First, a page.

Part of Advances in Neural Information Processing Systems 34 (NeurIPS 2021)

*Brendan O'Donoghue*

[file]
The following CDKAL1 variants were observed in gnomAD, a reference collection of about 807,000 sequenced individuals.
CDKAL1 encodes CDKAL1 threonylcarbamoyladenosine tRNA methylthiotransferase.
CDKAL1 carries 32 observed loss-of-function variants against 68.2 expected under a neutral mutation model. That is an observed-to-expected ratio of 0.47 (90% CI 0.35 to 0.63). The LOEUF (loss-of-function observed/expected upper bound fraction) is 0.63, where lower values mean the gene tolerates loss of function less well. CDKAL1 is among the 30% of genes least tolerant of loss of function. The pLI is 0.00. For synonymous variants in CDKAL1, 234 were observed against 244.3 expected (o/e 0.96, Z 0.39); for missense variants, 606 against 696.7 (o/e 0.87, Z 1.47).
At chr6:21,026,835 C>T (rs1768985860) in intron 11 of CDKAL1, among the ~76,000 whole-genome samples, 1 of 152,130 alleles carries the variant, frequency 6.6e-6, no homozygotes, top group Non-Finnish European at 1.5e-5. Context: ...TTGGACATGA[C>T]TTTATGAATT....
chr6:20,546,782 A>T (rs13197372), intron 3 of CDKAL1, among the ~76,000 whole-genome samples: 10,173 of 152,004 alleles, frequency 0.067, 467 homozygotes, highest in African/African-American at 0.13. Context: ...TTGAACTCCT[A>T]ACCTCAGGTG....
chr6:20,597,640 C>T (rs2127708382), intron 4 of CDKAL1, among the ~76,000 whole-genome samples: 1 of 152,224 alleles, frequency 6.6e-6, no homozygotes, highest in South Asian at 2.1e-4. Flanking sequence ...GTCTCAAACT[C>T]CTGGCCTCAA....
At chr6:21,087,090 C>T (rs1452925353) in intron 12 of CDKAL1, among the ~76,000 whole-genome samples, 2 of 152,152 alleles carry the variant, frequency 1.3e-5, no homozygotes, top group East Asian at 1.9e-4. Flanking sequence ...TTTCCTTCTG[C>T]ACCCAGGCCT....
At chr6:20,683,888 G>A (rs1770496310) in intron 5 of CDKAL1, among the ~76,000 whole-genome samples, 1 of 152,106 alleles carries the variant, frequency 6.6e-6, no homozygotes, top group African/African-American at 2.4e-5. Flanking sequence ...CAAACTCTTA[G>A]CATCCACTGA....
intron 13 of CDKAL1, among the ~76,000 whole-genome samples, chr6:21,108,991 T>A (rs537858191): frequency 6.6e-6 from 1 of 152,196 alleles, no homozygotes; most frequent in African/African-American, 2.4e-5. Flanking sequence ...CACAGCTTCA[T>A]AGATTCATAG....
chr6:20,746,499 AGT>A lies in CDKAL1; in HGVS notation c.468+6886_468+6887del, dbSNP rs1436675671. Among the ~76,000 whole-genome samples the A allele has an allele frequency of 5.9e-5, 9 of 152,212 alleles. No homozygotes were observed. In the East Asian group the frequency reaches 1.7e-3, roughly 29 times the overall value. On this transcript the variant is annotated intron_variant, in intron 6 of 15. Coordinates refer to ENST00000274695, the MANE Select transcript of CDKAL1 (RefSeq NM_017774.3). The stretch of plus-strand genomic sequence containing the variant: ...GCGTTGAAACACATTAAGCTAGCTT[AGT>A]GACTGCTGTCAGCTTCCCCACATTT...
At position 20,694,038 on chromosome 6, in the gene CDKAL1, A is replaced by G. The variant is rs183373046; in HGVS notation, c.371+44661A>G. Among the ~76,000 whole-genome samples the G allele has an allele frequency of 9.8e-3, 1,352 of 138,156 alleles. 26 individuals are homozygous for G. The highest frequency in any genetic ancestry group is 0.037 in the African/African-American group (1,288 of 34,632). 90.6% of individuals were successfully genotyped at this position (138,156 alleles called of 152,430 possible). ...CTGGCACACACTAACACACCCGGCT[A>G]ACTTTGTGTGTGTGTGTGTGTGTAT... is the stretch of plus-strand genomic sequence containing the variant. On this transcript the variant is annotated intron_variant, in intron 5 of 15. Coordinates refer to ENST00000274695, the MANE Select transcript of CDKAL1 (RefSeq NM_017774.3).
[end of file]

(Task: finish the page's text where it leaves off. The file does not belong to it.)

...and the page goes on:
We consider the exploration-exploitation trade-off in reinforcement learning and show that an agent endowed with an exponential epistemic-risk-seeking utility function explores efficiently, as measured by regret. The state-action values induced by the exponential utility satisfy a Bellman recursion, so we can use dynamic programming to compute them. We call the resulting algorithm K-learning (for knowledge) and the risk-seeking utility ensures that the associated state-action values (K-values) are optimistic for the expected optimal Q-values under the posterior. The exponential utility function induces a Boltzmann exploration policy for which the 'temperature' parameter is equal to the risk-seeking parameter and is carefully controlled to yield a Bayes regret bound of $\tilde O(L^{3/2} \sqrt{S A T})$, where $L$ is the time horizon, $S$ is the number of states, $A$ is the number of actions, and $T$ is the total number of elapsed timesteps. We conclude with a numerical example demonstrating that K-learning is competitive with other state-of-the-art algorithms in practice.

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